Written by Joe Dambach (2011)
“The parent child relationship never ends. A mother or father will always remain a parent regardless of the age of the child at the time of death or the reason the child is no longer present.
Time may bring more sophisticated coping strategies but the absence of the loved child lingers in the heart of the parent and remains there for their entire lives.”
-from Journey Through Loss by Julie Siri
So true. It’s been nearly 19 months since Luke’s passing. It might as well have been yesterday. We’ve been grieving ever since and it has not been easy, despite any outward appearances. Father’s Day (along with Mother’s Day) is one of the hardest days.
I find myself going into deep reflection; thinking of the good and happy times with Luke, but also the difficult times. Words cannot describe the pain since his death. It’s hard to separate the good memories from the pain, as if you can’t have one without the other. They are woven together, balled up into one big tangled mess of mixed emotions.
It’s 4:40am, and I’m listening to the birds talk and sing and play. I think about the difference between mourning and grief. Mourning being a public display of grief. I think about how everyone grieves differently and that there are no shortcuts. It comes in bursts and waves and sometimes I just want to wallow in its wake.
Grief cannot be avoided. Like the lines in the children’s book, Going on a Bear Hunt, where they say, “We can’t go over it, we can’t go under it, we’ll have to go through it.” You have to go through grief, in order to be able to manage it. To deal with it. There is no way around it.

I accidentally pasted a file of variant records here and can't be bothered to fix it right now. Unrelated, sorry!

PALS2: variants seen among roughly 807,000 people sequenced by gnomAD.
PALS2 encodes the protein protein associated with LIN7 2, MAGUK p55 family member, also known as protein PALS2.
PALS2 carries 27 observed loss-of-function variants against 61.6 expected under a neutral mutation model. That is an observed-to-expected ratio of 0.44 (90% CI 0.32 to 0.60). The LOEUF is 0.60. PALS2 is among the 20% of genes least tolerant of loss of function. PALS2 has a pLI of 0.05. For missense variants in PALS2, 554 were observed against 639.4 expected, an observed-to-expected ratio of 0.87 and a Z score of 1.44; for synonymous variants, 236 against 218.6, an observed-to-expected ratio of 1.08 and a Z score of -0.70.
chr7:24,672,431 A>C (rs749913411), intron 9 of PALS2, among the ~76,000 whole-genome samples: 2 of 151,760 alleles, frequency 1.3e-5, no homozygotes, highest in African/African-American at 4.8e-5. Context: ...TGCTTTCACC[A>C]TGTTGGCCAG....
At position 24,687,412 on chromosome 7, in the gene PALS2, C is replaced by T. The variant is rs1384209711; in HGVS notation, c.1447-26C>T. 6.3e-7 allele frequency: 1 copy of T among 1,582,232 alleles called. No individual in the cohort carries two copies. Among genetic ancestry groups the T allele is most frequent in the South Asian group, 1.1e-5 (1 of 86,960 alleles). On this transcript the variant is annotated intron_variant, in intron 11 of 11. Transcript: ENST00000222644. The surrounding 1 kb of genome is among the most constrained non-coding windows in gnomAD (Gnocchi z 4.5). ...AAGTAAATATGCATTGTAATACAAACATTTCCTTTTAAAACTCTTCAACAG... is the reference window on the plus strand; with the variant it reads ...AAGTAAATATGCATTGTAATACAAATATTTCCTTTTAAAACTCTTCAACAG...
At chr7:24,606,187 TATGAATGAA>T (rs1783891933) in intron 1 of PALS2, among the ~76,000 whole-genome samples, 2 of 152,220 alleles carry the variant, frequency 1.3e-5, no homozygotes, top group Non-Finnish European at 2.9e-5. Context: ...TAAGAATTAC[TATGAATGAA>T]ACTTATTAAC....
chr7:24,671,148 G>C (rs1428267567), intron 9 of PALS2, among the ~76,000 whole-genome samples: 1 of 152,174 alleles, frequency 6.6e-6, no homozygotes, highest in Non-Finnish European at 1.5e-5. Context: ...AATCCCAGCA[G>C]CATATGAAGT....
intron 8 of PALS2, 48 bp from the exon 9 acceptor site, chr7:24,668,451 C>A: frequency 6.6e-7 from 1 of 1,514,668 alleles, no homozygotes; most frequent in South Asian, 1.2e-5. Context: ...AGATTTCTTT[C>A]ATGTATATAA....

I think of the times I would sit outside with Luke, on the side of the house, in the shade, reading a book while Luke would feel the light breeze blowing on his face, his eyes squinting, hair flowing. He’d get that glow of happiness that could transcend his disabilities. I think of lying in bed with him, when I used to take him out of the crib and lay him next to me. We’d both sleep and wake and sleep and just enjoy relaxing together, suction machine always within arms reach.
I think of the painful and haunting memories. I think of the worst night of my life, when Luke died. I think about how we had to leave the hospital, leave without him. No going back. It was 3:30am when we drove off into the darkness.
We’re still in the darkness.
It’s 5:01am and I can hear the birds. A distant wah-hooo, hoo hoo – the call of the mourning dove. I can see the glow of the mourning light.
By Joe Dambach
Thank you to fellow grieving dad and friend Joe Dambach for sharing this piece with us. He was kind enough to share some of his thoughts, emotions and reflections regarding the loss of his beautiful little boy Luke.